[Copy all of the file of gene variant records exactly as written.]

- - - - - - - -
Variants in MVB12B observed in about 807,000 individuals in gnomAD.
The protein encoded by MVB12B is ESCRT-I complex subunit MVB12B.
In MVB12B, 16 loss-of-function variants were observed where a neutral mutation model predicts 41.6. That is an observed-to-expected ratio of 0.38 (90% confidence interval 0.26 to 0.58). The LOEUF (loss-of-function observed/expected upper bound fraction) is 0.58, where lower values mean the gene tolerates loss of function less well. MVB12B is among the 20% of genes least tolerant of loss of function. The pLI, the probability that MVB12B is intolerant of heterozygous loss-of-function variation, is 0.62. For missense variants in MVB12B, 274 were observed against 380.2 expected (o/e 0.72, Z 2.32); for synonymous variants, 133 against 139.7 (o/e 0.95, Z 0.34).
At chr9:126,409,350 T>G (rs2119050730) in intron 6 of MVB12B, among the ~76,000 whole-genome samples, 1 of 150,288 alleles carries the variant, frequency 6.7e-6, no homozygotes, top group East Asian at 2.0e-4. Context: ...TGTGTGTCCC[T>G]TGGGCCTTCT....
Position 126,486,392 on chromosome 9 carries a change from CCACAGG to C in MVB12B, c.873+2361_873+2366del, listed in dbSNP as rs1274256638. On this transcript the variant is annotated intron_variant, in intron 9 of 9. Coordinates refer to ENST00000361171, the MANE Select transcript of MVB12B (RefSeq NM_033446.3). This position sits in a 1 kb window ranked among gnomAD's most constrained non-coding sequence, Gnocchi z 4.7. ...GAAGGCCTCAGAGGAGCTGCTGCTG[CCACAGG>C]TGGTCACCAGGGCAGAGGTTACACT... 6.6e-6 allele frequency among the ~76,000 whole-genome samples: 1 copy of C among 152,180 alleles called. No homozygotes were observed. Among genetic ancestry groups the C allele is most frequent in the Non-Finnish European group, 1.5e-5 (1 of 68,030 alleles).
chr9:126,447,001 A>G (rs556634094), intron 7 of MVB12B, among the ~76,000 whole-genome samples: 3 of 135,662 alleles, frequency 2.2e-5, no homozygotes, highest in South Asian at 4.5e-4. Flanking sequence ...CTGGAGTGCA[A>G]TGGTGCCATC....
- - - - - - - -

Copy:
Variants in MVB12B observed in about 807,000 individuals in gnomAD.
The protein encoded by MVB12B is ESCRT-I complex subunit MVB12B.
In MVB12B, 16 loss-of-function variants were observed where a neutral mutation model predicts 41.6. That is an observed-to-expected ratio of 0.38 (90% confidence interval 0.26 to 0.58). The LOEUF (loss-of-function observed/expected upper bound fraction) is 0.58, where lower values mean the gene tolerates loss of function less well. MVB12B is among the 20% of genes least tolerant of loss of function. The pLI, the probability that MVB12B is intolerant of heterozygous loss-of-function variation, is 0.62. For missense variants in MVB12B, 274 were observed against 380.2 expected (o/e 0.72, Z 2.32); for synonymous variants, 133 against 139.7 (o/e 0.95, Z 0.34).
At chr9:126,409,350 T>G (rs2119050730) in intron 6 of MVB12B, among the ~76,000 whole-genome samples, 1 of 150,288 alleles carries the variant, frequency 6.7e-6, no homozygotes, top group East Asian at 2.0e-4. Context: ...TGTGTGTCCC[T>G]TGGGCCTTCT....
Position 126,486,392 on chromosome 9 carries a change from CCACAGG to C in MVB12B, c.873+2361_873+2366del, listed in dbSNP as rs1274256638. On this transcript the variant is annotated intron_variant, in intron 9 of 9. Coordinates refer to ENST00000361171, the MANE Select transcript of MVB12B (RefSeq NM_033446.3). This position sits in a 1 kb window ranked among gnomAD's most constrained non-coding sequence, Gnocchi z 4.7. ...GAAGGCCTCAGAGGAGCTGCTGCTG[CCACAGG>C]TGGTCACCAGGGCAGAGGTTACACT... 6.6e-6 allele frequency among the ~76,000 whole-genome samples: 1 copy of C among 152,180 alleles called. No homozygotes were observed. Among genetic ancestry groups the C allele is most frequent in the Non-Finnish European group, 1.5e-5 (1 of 68,030 alleles).
chr9:126,447,001 A>G (rs556634094), intron 7 of MVB12B, among the ~76,000 whole-genome samples: 3 of 135,662 alleles, frequency 2.2e-5, no homozygotes, highest in South Asian at 4.5e-4. Flanking sequence ...CTGGAGTGCA[A>G]TGGTGCCATC....